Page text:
Open Doors for KatsüK

The eponymous band of indie-folk-rocker Daniel Katsük turns the Skeleton Key.
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Posted April 21, 2010 by JIMMY FOWLER in Music

Call it good karma. After performing last year at a club in Denton, singer-songwriter Daniel Katsük met the guy who would produce his band’s new EP, Skeleton Key. (The band is called KatsüK, with two capital Ks. The singer is Katsük.)


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Katsük had returned to Fort Worth in 2008 after an aborted attempt at forming a band in Boulder, Colo. Soon after coming home, he formed KatsüK, featuring members of hard-rocking Sally Majestic, and released the CD Out in the Wind. He and the Sally guys parted ways, and Katsük began hunting for new collaborators. That’s when Jeff Dahlgren –– a producer, musician, and occasional actor who’s worked with French pop chanteuse Mylene Farmer –– caught KatsüK live and introduced himself after the gig.

Dahlgren, it turned out, had a direct link to Katsük. “He’s married to my shaman master’s daughter,” Katsük said with a laugh. The singer-songwriter says he’s part Cherokee, and he follows a New Age-informed path of native spirituality that includes yoga classes and sweat lodges facilitated by Silver Ra Baker at Blue Thunder Lodge in Denton. Dahlgren “had moved to Denton from L.A. with his wife to be closer to Silver,” Katsük said. “He set up his recording equipment at Blue Thunder, which is an amazing place. … There are these open spacious rooms and a Japanese garden.”

Katsük assembled an eclectic mix of musicians, including Dahlgren on guitar and 817 stalwarts Matt Skates from Shuttle on bass, Orion Pitts on violin and mandolin, and Goodwin’s Damien Stewart on drums, to lay down the seven tracks that would become Skeleton Key. (Stewart is replaced in live settings by Nick Werth.) After the free-form instrumental interludes that adorned KatsüK’s Out in the Wind, the new collection has a slightly more straightforward pop edge that emphasizes the rhythm section, hook-based choruses, and the songwriter’s patented mix of the personal and the political. The world-conscious “B4 U Shoot” is about the people of Afghanistan caught between the Taliban and U.S.-led allied forces. The consoling “Cut the Cord” concerns the emotional toll that people inevitably pay when they forge an independent path in their lives. The songs were selected to make the broadest emotional impact possible in the shortest time, Katsük said.

In terms of musical arrangements for the EP, the artist said he had been “getting off on how Coldplay and old U2 [albums] were recorded, enjoying the huge sonicness of Pink Floyd but also appreciating the thick reverbs and simpleness of Fleet Foxes and Muse. I try to capture a little bit of every sound that I love.”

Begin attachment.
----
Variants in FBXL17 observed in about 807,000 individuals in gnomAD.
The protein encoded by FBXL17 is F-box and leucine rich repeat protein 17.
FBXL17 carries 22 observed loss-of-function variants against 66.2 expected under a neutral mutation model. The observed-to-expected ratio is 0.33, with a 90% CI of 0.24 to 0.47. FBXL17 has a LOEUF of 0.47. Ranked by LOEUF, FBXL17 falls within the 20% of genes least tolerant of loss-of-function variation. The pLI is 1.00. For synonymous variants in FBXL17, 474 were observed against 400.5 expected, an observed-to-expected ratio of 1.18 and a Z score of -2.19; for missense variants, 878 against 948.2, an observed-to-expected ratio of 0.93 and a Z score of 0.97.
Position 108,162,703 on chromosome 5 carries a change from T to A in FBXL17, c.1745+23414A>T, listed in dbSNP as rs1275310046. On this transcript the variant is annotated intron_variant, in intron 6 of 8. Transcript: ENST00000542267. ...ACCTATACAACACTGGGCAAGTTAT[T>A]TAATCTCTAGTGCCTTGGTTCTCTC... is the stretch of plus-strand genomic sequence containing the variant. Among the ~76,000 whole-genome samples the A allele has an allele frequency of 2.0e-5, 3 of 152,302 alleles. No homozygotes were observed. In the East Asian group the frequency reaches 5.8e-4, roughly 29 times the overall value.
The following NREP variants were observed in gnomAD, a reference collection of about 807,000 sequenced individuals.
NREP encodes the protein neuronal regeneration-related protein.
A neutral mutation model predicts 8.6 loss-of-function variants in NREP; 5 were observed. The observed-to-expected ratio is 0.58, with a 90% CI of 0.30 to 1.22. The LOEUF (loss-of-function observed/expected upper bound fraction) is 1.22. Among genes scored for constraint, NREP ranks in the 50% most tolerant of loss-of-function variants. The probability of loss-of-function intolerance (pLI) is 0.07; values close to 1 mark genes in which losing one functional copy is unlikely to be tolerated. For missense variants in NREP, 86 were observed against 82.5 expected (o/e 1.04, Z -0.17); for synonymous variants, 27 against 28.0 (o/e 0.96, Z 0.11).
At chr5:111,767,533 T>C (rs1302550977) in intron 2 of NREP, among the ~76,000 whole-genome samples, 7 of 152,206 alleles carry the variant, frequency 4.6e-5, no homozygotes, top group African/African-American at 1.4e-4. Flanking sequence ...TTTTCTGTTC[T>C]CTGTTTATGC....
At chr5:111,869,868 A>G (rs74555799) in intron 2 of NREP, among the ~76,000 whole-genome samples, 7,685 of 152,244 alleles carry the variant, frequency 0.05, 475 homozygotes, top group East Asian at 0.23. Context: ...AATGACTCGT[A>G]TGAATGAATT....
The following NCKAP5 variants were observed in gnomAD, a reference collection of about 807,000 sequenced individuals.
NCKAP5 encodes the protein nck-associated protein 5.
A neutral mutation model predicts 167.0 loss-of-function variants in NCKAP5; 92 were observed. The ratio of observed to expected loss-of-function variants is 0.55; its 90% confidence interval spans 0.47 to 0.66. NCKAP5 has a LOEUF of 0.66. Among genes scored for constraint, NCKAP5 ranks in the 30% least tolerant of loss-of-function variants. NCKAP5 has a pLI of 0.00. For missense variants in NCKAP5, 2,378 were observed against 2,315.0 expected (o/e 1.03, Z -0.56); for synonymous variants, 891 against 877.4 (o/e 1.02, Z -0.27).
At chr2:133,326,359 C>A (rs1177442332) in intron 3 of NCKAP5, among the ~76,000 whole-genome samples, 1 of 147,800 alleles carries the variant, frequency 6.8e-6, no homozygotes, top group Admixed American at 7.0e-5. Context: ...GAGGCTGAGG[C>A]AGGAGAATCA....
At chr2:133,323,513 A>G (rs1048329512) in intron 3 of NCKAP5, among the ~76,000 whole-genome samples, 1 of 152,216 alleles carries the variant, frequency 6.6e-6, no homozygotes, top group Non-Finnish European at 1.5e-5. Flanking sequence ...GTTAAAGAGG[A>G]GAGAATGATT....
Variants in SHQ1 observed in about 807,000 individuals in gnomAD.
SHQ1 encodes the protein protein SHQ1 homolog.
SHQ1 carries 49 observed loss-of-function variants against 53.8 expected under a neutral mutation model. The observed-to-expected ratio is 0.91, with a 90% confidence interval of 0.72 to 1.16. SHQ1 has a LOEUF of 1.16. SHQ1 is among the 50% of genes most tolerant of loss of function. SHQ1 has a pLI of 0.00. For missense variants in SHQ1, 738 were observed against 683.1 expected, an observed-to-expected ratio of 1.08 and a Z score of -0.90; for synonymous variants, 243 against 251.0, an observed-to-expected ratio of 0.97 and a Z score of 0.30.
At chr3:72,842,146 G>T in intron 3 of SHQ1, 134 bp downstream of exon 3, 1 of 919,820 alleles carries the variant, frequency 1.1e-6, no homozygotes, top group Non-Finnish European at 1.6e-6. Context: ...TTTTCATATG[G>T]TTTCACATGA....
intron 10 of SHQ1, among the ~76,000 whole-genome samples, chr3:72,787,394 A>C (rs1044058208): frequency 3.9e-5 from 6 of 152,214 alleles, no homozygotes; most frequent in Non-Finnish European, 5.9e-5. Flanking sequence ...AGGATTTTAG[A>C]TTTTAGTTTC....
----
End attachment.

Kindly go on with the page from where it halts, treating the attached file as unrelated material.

Though Katsük is lyrically attracted to the concepts of transcendence and enlightenment, he is involved in two side projects that explore darker territory. Dia De Los Muertos is a Goth-inspired dance-music ensemble that he formed with Spoonfed Tribe guitarist Shonuff, incorporating influences as diverse as Sade and Dead Can Dance. In live settings, the music is staged with actors in a theatrical setting that celebrates death as rebirth. The Skin and Bones Drum Cult, Katsük’s other side project, is a loose all-percussion 10-piece that includes members of Spoonfed, Pablo and the Hemphill 7, and Trailer Park Princess, inspired by the primal, sometimes chaotic qualities of the drum circles that Katsük has participated in over the years.

For the moment, though, he’s focused on helping Dahlgren shop Skeleton Key around to major label reps. If the duo can find the right financial backing, they’d like to incorporate the seven songs from that EP into a more ambitious double album that will weave together folk, reggae, ska, funk, and tribal beats — a signature KatsüK combination. Katsük would also like to get his current band signed as the opening act on a national tour by a major headliner.

As he contemplates aiming for national exposure, Katsük can’t help remarking on the uniqueness of the current Fort Worth music scene.

The musicians, he said, “share ideas and work on projects together and just enjoy what everyone is doing. [Dahlgren] said he’s never seen anything like it.” On the other hand, “Musicians are fickle and outrageous and insane, and you can’t put faith in our everlasting cooperation,” he said. “So come out and support great local music while it’s still here.”

 

KatsüK

4pm Sat w/ Brave Combo, Trigger Fish, Blackland River Devils, and several other artists as part of Prairie Fest in Tandy Hills Park, 3400 View St, FW. 817-731-2787. • 8pm Sat, May 1, at Lola’s Saloon-Sixth, 2736 W 6th St, FW. 817-877-0666.


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